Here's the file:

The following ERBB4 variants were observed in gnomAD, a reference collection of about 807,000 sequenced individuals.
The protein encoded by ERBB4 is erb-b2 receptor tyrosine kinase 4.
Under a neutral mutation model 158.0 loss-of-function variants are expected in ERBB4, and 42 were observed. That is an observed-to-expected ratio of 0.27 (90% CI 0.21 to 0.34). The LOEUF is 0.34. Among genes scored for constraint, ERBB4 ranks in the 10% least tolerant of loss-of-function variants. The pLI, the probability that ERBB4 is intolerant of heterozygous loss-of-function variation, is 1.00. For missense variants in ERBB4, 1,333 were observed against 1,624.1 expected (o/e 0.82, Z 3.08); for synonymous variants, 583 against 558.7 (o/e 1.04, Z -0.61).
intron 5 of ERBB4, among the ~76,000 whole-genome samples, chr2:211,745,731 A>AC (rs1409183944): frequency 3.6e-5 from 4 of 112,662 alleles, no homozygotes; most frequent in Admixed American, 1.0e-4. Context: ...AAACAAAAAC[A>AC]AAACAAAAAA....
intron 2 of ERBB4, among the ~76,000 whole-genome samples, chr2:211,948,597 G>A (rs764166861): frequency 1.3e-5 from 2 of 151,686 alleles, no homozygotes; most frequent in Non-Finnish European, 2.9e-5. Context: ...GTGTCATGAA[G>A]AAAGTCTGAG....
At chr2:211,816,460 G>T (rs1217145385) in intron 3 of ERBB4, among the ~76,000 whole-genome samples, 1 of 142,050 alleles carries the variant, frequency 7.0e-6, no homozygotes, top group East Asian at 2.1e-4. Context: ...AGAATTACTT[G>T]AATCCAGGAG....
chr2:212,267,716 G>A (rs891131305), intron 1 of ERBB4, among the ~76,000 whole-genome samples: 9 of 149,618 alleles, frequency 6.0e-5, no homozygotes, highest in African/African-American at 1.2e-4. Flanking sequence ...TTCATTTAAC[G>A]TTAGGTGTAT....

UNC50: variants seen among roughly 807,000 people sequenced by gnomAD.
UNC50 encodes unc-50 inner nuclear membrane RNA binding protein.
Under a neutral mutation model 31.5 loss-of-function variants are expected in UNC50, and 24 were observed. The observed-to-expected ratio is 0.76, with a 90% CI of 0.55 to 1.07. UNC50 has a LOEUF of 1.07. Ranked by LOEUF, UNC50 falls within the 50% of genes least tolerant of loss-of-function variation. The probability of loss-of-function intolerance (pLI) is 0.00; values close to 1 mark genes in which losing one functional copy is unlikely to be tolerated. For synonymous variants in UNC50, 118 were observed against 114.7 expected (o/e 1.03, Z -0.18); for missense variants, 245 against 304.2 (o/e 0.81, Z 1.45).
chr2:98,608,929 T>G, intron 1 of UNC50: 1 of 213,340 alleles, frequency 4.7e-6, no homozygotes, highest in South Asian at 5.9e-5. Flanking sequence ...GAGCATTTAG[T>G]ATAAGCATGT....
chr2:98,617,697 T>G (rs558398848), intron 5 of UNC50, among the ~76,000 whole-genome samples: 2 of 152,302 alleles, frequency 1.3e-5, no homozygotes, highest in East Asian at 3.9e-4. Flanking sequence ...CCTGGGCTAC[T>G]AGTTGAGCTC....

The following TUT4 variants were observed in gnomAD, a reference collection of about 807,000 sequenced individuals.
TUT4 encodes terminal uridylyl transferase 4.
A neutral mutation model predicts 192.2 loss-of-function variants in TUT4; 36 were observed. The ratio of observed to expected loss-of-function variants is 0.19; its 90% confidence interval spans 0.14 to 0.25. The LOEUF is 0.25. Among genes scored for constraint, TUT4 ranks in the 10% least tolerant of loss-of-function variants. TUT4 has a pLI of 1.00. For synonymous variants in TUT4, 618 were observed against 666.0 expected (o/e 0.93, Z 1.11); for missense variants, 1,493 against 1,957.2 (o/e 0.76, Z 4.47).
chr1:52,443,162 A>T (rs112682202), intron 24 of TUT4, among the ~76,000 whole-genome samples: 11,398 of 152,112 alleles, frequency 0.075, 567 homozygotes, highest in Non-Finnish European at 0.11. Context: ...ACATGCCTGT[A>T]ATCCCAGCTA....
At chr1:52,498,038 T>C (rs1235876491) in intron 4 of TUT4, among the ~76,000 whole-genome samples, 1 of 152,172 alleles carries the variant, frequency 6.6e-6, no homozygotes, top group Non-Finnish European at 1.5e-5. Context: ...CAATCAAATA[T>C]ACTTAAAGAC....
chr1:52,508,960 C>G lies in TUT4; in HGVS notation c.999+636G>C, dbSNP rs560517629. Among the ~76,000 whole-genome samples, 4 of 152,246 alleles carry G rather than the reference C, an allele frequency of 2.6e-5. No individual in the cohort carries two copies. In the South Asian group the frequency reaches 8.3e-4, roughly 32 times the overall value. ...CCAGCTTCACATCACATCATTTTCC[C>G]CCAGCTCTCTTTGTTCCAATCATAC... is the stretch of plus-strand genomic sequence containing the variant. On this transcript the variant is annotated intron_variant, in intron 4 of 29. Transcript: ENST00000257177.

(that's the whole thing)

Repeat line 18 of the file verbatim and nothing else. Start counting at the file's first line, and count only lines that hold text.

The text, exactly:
chr1:52,508,960 C>G lies in TUT4; in HGVS notation c.999+636G>C, dbSNP rs560517629. Among the ~76,000 whole-genome samples, 4 of 152,246 alleles carry G rather than the reference C, an allele frequency of 2.6e-5. No individual in the cohort carries two copies. In the South Asian group the frequency reaches 8.3e-4, roughly 32 times the overall value. ...CCAGCTTCACATCACATCATTTTCC[C>G]CCAGCTCTCTTTGTTCCAATCATAC... is the stretch of plus-strand genomic sequence containing the variant. On this transcript the variant is annotated intron_variant, in intron 4 of 29. Transcript: ENST00000257177.